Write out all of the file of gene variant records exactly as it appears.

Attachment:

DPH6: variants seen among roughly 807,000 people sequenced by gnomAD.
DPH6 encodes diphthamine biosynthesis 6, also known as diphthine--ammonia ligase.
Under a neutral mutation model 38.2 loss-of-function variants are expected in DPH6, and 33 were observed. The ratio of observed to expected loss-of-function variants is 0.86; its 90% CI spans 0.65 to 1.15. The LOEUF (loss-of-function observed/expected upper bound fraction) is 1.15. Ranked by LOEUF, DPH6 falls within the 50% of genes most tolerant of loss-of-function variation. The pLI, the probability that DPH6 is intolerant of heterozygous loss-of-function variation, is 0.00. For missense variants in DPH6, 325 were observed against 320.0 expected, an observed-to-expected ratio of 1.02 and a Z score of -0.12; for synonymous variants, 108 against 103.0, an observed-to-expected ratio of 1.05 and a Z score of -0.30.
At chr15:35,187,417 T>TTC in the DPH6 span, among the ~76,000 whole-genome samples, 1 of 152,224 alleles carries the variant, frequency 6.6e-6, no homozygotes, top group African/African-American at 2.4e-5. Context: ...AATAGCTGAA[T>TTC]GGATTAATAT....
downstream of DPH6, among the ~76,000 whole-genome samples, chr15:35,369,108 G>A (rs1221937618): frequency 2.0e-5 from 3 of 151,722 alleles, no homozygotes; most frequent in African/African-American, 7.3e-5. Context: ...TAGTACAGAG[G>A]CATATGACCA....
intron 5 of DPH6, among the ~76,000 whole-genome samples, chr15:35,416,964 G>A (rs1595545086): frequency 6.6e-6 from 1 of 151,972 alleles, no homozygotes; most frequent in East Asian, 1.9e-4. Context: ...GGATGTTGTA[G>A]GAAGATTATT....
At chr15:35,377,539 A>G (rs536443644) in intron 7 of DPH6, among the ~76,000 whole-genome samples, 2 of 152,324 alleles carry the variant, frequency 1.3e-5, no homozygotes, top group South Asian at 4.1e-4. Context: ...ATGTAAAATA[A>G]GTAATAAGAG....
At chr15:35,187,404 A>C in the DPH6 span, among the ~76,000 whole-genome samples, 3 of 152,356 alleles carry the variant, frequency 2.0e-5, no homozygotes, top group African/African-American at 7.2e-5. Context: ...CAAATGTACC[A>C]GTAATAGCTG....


DPH6: variants seen among roughly 807,000 people sequenced by gnomAD.
DPH6 encodes diphthamine biosynthesis 6, also known as diphthine--ammonia ligase.
Under a neutral mutation model 38.2 loss-of-function variants are expected in DPH6, and 33 were observed. The ratio of observed to expected loss-of-function variants is 0.86; its 90% CI spans 0.65 to 1.15. The LOEUF (loss-of-function observed/expected upper bound fraction) is 1.15. Ranked by LOEUF, DPH6 falls within the 50% of genes most tolerant of loss-of-function variation. The pLI, the probability that DPH6 is intolerant of heterozygous loss-of-function variation, is 0.00. For missense variants in DPH6, 325 were observed against 320.0 expected, an observed-to-expected ratio of 1.02 and a Z score of -0.12; for synonymous variants, 108 against 103.0, an observed-to-expected ratio of 1.05 and a Z score of -0.30.
At chr15:35,187,417 T>TTC in the DPH6 span, among the ~76,000 whole-genome samples, 1 of 152,224 alleles carries the variant, frequency 6.6e-6, no homozygotes, top group African/African-American at 2.4e-5. Context: ...AATAGCTGAA[T>TTC]GGATTAATAT....
downstream of DPH6, among the ~76,000 whole-genome samples, chr15:35,369,108 G>A (rs1221937618): frequency 2.0e-5 from 3 of 151,722 alleles, no homozygotes; most frequent in African/African-American, 7.3e-5. Context: ...TAGTACAGAG[G>A]CATATGACCA....
intron 5 of DPH6, among the ~76,000 whole-genome samples, chr15:35,416,964 G>A (rs1595545086): frequency 6.6e-6 from 1 of 151,972 alleles, no homozygotes; most frequent in East Asian, 1.9e-4. Context: ...GGATGTTGTA[G>A]GAAGATTATT....
At chr15:35,377,539 A>G (rs536443644) in intron 7 of DPH6, among the ~76,000 whole-genome samples, 2 of 152,324 alleles carry the variant, frequency 1.3e-5, no homozygotes, top group South Asian at 4.1e-4. Context: ...ATGTAAAATA[A>G]GTAATAAGAG....
At chr15:35,187,404 A>C in the DPH6 span, among the ~76,000 whole-genome samples, 3 of 152,356 alleles carry the variant, frequency 2.0e-5, no homozygotes, top group African/African-American at 7.2e-5. Context: ...CAAATGTACC[A>C]GTAATAGCTG....